FDA Panel Votes To Relax Safety Restrictions On GlaxoSmithKline’s Diabetes Drug Avandia

on June 07 2013 8:31 AM

Sale of GlaxoSmithKline's (NYSE:GSK) diabetes drug Avandia, restricted in the U.S. and banned in Europe after concerns emerged that it might cause heart attacks, could now   be relaxed if an FDA panel recommendation is approved.

Thirteen members out of a 26-member expert advisory panel to the Food and Drug Administration, or FDA, consisting of outside health experts voted, on Thursday, in favor of modifying the restrictions on the marketing of Avandia.

"In general, this drug doesn't look any different than any other diabetes drug," Dr. William Hiatt, a cardiologist from the University of Colorado, and a panel member who backed lifting restrictions, told Reuters.

Avandia, once the best-selling diabetes drug in the world, was taken off drugstore shelves in the U.S. and was banned completely in Europe and some Asian countries, including India, on concerns over cardiovascular safety.

The regulations on Avandia restricted its availability to patients, as it was sold only through specially registered pharmacies. The patients also had to sign informed-consent forms before taking the drug.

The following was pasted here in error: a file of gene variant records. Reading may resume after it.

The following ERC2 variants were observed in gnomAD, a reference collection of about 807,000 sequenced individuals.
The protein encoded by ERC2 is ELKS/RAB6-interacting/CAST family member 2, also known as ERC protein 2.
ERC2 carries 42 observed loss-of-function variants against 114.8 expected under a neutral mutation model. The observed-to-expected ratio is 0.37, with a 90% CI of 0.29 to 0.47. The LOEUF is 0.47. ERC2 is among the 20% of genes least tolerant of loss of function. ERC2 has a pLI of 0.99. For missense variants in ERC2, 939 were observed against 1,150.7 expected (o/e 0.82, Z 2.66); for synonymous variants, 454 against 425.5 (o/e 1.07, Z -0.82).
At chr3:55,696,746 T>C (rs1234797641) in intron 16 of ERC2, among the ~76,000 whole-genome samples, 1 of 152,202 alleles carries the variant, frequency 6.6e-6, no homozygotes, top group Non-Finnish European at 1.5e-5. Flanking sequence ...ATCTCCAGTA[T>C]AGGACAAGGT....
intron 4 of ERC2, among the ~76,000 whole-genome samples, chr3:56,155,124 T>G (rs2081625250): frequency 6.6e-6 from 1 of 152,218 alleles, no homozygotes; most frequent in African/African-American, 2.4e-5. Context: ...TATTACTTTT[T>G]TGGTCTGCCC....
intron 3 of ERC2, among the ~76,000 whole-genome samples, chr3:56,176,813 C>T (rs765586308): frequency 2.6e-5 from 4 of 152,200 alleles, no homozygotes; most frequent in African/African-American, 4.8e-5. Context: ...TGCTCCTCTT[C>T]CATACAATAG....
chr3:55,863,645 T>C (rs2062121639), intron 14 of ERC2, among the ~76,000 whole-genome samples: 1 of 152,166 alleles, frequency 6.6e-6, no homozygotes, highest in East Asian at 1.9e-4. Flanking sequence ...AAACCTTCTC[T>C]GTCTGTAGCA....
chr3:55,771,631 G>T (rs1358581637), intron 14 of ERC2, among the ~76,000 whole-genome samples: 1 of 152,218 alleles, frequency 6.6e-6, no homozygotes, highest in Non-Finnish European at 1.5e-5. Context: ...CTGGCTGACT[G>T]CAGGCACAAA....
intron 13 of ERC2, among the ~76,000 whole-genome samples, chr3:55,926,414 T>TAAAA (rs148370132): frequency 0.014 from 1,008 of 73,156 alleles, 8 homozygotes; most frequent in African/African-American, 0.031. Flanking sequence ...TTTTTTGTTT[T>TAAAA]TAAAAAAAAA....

The panel’s decision was based on re-examination of data from a clinical trial, which an earlier panel, in 2010, had expressed concerns about. The latest independent analysis  of Avandia’s original clinical trial, by Duke University researchers, suggested that there is no substantial evidence to prove the drug increased the risk of a heart attack.

This two-day advisory panel’s decision -- to relax or eliminate current restrictions -- is a recommendation to the FDA and is not binding.

"We continue to believe that Avandia is a safe and effective treatment option for type 2 diabetes when used for the appropriate patient and in accordance with labeling," Dr. James Shannon, GlaxoSmithKline's chief medical officer, said in a statement. A Reuters report said that Glaxo no longer has plans to promote Avandia.

Avandia, or its generic version Rosiglitazone, works as an insulin sensitizer, and generated annual sales worth $3.2 billion before the restrictions took hold. And, the number of patients who use Avandia in the U.S. has come down to 3,000 from about 120,000 in the same period, according to a Reuters report.

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